Your Health Horizon

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By Mark Lundegren

If you are willing, I would like to spend a few minutes with you looking into the future, into your future in particular, and your place and future health in it.

As you have probably noticed before, whenever we talk or think about things in the future, it is inevitably with some time horizon in mind, whether this horizon is expressly stated, or left unsaid or even unnoticed.  When we say we have some errands to run, for example, we are probably thinking two or three hours into the future.  When we think that we or someone else needs to make changes to our lives, our time horizon may be in weeks or months, or years.

Depending on the topic, our future time horizon may be very short, perhaps just a few minutes or even only a few seconds.  Or our horizon may be very long, perhaps hundreds or millions of years, especially when the topic is an abstract one.  Our human minds are quite powerful and capable of embracing both expansive and minute frames of reference.

Today, I would like to help you to see, as clearly and carefully as you can, the time horizon that underlies your ideas about your health and that you are using to influence your future health.  Let’s call this exercise together, “seeing your health horizon.”

Our Naturally Near Horizon

Whenever we seek to balance the demands and immediacy of the present with goals for the future and their more intangible nature, it is very easy for us to end up with a less than ideal timeframe, or time or health horizon, especially one that is overly and undesirably biased to the present and to ourselves as we are today.  While this is a fact of life, rooted in the demands of our original life in nature, it is also a limitation that we can better understand and at least partially overcome, with many benefits to our life and health over time. 

You might be tempted to think that it is fairly easy to catch ourselves in a misalignment of our short and long-term goals and actions, and to adjust our frame of reference, our health horizon in this case, to make it more optimal.  It is true that we can do this, but it usually entails more work and more expansive self-awareness than we may intuitively realize.  We should recognize that all of us are fighting against our basic nature, to some degree, whenever we seek to optimize our health horizon in a more objective sense – and we can and should derive a sense of both humility and new opportunity from this recognition. 

We are evolved by wild nature, after all, to function in wild nature.  Ten thousand years of settled life have done little to change this long fact, one that is at least a billion years old (or one hundred thousand times the duration of settled human life).  In our lives today, our evolved nature may mean powerful natural biases and shortcomings in our time or health horizon that we must confront, especially as we seek to optimize our health and lives in the complex new setting of industrial society (roughly one hundred years old or 0.0001% of our history) and increased individual longevity.  So often, we are overly and unconsciously biased to the short-term and to the present, forgetting our past and inadequately attending to the now far more certain condition that is our future.  We perhaps have longer-term goals but often can fail to adequately focus on them each day, or we really may be immersed in the present and have not carefully considered our future or assume it will be much like today.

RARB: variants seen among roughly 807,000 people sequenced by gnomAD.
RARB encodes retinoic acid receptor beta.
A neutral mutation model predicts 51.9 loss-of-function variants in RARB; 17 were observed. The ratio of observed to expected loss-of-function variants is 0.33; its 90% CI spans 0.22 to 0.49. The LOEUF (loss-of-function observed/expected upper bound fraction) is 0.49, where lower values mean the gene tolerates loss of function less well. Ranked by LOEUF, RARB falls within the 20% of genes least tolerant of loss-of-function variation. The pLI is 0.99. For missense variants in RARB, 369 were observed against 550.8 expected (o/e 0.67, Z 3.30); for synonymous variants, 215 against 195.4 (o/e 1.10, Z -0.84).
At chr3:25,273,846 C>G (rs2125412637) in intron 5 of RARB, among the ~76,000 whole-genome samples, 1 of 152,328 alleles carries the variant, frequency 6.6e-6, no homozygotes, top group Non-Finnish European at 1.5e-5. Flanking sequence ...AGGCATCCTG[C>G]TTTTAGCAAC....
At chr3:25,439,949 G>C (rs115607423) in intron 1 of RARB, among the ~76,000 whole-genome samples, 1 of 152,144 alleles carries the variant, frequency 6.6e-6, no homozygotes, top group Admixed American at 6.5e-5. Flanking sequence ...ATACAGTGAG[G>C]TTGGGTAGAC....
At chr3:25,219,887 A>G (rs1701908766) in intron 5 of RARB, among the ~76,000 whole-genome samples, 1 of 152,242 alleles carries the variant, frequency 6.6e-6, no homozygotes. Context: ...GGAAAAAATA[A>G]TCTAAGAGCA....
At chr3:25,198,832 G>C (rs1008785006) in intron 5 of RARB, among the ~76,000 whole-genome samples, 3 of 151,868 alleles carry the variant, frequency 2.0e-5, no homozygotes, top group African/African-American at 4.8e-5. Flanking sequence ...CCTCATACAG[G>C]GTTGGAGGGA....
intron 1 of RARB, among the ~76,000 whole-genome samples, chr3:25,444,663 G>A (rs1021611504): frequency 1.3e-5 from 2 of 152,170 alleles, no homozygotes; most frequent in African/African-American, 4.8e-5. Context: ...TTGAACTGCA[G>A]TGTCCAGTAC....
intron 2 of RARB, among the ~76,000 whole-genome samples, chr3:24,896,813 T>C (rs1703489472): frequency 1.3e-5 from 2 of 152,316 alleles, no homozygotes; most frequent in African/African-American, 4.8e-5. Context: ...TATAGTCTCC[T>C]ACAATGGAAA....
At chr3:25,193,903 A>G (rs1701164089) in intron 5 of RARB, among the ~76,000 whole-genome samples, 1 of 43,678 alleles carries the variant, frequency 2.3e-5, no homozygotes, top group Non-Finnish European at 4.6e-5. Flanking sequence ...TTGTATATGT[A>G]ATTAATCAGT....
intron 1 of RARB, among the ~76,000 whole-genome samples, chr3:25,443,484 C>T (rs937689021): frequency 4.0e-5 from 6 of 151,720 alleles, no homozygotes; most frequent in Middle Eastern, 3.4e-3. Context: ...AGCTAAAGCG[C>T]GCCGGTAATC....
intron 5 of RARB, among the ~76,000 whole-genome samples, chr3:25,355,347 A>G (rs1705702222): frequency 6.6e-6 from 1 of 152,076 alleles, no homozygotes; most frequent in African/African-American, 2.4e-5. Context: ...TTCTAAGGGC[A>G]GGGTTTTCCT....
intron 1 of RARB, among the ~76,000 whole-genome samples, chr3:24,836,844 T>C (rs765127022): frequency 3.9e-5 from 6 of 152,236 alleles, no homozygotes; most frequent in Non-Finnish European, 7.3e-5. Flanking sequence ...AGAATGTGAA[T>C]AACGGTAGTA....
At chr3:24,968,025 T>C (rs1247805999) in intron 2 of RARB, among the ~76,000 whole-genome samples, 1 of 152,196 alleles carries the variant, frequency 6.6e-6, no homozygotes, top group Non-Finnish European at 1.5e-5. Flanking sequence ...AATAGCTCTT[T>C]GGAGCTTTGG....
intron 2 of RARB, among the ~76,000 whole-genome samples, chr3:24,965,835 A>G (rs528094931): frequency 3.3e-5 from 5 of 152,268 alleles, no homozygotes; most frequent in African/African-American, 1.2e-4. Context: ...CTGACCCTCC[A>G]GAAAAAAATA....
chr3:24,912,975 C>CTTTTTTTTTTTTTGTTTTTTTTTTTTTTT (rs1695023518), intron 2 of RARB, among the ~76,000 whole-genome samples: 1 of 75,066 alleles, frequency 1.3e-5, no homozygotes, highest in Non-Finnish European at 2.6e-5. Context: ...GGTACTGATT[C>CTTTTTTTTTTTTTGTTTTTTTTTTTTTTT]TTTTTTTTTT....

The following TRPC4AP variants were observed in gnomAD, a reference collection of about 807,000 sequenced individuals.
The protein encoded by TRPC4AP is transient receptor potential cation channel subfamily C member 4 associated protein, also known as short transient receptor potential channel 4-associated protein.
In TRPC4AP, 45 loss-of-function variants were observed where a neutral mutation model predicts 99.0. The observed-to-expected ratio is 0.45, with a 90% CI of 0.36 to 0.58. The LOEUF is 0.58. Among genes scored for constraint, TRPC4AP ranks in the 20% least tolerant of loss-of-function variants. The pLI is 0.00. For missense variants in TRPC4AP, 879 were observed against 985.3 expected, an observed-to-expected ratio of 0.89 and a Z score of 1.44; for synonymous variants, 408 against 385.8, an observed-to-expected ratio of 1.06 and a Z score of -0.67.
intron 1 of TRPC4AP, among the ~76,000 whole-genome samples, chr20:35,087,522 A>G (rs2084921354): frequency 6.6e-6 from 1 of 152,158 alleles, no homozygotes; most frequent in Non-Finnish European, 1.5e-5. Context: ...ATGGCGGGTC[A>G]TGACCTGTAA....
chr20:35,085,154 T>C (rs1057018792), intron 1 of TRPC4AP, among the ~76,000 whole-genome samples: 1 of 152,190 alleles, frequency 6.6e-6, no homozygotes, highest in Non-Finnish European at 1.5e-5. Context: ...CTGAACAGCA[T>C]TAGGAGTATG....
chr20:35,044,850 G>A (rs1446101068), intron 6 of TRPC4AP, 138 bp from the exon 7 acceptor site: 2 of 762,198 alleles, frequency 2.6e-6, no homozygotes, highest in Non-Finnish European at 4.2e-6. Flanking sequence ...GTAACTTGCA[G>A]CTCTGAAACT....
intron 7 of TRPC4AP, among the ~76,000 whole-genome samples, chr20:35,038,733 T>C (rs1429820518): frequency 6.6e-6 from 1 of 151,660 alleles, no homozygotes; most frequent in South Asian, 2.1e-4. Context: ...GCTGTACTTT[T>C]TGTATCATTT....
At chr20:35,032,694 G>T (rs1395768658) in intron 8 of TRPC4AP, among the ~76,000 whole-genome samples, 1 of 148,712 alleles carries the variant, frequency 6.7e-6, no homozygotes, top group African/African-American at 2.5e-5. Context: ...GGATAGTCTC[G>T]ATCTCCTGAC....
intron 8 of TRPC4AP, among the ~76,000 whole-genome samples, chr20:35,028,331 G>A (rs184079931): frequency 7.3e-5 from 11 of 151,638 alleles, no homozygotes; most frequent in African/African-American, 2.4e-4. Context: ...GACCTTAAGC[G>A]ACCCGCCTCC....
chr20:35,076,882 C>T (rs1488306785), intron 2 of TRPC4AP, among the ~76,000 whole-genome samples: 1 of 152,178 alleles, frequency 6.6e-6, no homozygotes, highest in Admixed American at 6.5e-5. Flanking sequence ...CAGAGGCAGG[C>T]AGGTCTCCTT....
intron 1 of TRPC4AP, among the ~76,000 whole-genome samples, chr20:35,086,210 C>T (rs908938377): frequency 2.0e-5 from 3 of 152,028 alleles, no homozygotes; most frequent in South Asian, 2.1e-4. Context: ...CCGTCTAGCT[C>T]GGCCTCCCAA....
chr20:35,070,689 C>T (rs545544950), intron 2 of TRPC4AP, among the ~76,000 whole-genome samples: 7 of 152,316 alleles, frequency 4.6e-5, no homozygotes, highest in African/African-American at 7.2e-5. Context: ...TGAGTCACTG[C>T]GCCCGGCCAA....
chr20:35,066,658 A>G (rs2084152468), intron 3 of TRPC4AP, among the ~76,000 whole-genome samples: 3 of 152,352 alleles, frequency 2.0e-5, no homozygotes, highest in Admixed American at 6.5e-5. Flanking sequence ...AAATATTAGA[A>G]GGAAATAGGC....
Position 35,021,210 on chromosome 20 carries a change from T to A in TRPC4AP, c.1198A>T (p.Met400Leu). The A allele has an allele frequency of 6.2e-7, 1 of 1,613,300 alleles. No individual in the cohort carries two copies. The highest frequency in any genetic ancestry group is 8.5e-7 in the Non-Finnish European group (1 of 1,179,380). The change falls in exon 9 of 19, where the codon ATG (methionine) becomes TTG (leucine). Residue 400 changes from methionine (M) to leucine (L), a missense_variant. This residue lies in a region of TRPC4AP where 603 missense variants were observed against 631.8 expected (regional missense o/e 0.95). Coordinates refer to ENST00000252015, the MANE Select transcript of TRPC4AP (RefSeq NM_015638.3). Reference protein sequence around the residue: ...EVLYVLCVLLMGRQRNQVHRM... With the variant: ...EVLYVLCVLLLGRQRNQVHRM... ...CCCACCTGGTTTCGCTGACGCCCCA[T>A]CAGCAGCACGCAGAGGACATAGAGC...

Two examples will help to make clearer this natural bias of ours toward the short-term, especially as regards our health.  One example is the very common case where we have sound and realistic long-term health goals, all the right ideas, but poor to non-existent fulfillment of these goals day-by-day.  Something always seems to come up, or is brought up, to prevent us from working on our health.  As the days combine to form months and then years, a consistent pattern of inattention to our long-term health emerges in our lives – and we may only partially see this pattern and really need new perspective and motivation to change.  Good intentions alone, of course, only rarely lead to good health over time.

Another example of having too short a health horizon occurs when we successfully adopt health practices, but see them without a long-term or broader context.  In this case, we may view our health in a way that is biased to the moment and the particulars of our circumstances, even as a set of urgent activities to be completed at all costs.  We often can see this variation on a short health horizon take the form of our having rigid ideas about our health or our being dogmatic with others about specific health practices and lifestyle choices.  In this overly myopic focus on specific elements of our health, we may fail to see new and more open-ended dimensions of our health, perhaps jeopardize long-term relationships with others that are essential to our health over time, and even miss important opportunities to advance the health of other people and improve the quality of our communities (and thus support for our health).